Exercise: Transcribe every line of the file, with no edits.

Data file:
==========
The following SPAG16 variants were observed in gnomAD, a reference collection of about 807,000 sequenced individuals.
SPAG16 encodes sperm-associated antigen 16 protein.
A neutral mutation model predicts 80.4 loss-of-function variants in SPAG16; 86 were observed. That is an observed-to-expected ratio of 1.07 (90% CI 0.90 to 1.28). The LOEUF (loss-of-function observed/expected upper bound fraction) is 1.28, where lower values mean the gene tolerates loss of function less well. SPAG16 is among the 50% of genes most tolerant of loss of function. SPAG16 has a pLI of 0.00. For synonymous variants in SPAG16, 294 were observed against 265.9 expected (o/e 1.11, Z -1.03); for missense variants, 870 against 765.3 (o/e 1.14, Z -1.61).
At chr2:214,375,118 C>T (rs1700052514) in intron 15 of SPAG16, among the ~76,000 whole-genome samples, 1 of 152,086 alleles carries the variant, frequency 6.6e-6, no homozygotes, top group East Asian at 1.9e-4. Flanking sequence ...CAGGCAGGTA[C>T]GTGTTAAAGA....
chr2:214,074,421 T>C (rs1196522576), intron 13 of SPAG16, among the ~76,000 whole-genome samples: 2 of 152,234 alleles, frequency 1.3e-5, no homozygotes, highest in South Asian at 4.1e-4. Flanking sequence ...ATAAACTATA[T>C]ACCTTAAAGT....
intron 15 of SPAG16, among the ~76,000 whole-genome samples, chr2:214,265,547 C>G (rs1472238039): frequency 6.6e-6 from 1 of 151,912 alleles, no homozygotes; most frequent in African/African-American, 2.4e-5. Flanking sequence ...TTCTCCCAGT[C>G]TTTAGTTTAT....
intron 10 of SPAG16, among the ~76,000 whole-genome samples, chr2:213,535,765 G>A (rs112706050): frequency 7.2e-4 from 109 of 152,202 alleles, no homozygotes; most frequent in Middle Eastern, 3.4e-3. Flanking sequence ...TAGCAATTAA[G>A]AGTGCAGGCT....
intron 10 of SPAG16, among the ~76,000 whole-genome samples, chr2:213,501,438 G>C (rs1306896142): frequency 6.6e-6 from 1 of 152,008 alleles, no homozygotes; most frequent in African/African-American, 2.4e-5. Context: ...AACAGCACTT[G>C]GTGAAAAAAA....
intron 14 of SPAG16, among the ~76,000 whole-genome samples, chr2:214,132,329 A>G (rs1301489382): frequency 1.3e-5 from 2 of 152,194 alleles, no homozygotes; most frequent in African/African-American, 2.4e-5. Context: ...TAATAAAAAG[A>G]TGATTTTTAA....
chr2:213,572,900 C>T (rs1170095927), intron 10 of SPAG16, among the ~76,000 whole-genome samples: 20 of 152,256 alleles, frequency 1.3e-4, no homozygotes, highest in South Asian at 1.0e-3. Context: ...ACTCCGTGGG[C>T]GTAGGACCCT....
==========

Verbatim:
The following SPAG16 variants were observed in gnomAD, a reference collection of about 807,000 sequenced individuals.
SPAG16 encodes sperm-associated antigen 16 protein.
A neutral mutation model predicts 80.4 loss-of-function variants in SPAG16; 86 were observed. That is an observed-to-expected ratio of 1.07 (90% CI 0.90 to 1.28). The LOEUF (loss-of-function observed/expected upper bound fraction) is 1.28, where lower values mean the gene tolerates loss of function less well. SPAG16 is among the 50% of genes most tolerant of loss of function. SPAG16 has a pLI of 0.00. For synonymous variants in SPAG16, 294 were observed against 265.9 expected (o/e 1.11, Z -1.03); for missense variants, 870 against 765.3 (o/e 1.14, Z -1.61).
At chr2:214,375,118 C>T (rs1700052514) in intron 15 of SPAG16, among the ~76,000 whole-genome samples, 1 of 152,086 alleles carries the variant, frequency 6.6e-6, no homozygotes, top group East Asian at 1.9e-4. Flanking sequence ...CAGGCAGGTA[C>T]GTGTTAAAGA....
chr2:214,074,421 T>C (rs1196522576), intron 13 of SPAG16, among the ~76,000 whole-genome samples: 2 of 152,234 alleles, frequency 1.3e-5, no homozygotes, highest in South Asian at 4.1e-4. Flanking sequence ...ATAAACTATA[T>C]ACCTTAAAGT....
intron 15 of SPAG16, among the ~76,000 whole-genome samples, chr2:214,265,547 C>G (rs1472238039): frequency 6.6e-6 from 1 of 151,912 alleles, no homozygotes; most frequent in African/African-American, 2.4e-5. Flanking sequence ...TTCTCCCAGT[C>G]TTTAGTTTAT....
intron 10 of SPAG16, among the ~76,000 whole-genome samples, chr2:213,535,765 G>A (rs112706050): frequency 7.2e-4 from 109 of 152,202 alleles, no homozygotes; most frequent in Middle Eastern, 3.4e-3. Flanking sequence ...TAGCAATTAA[G>A]AGTGCAGGCT....
intron 10 of SPAG16, among the ~76,000 whole-genome samples, chr2:213,501,438 G>C (rs1306896142): frequency 6.6e-6 from 1 of 152,008 alleles, no homozygotes; most frequent in African/African-American, 2.4e-5. Context: ...AACAGCACTT[G>C]GTGAAAAAAA....
intron 14 of SPAG16, among the ~76,000 whole-genome samples, chr2:214,132,329 A>G (rs1301489382): frequency 1.3e-5 from 2 of 152,194 alleles, no homozygotes; most frequent in African/African-American, 2.4e-5. Context: ...TAATAAAAAG[A>G]TGATTTTTAA....
chr2:213,572,900 C>T (rs1170095927), intron 10 of SPAG16, among the ~76,000 whole-genome samples: 20 of 152,256 alleles, frequency 1.3e-4, no homozygotes, highest in South Asian at 1.0e-3. Context: ...ACTCCGTGGG[C>T]GTAGGACCCT....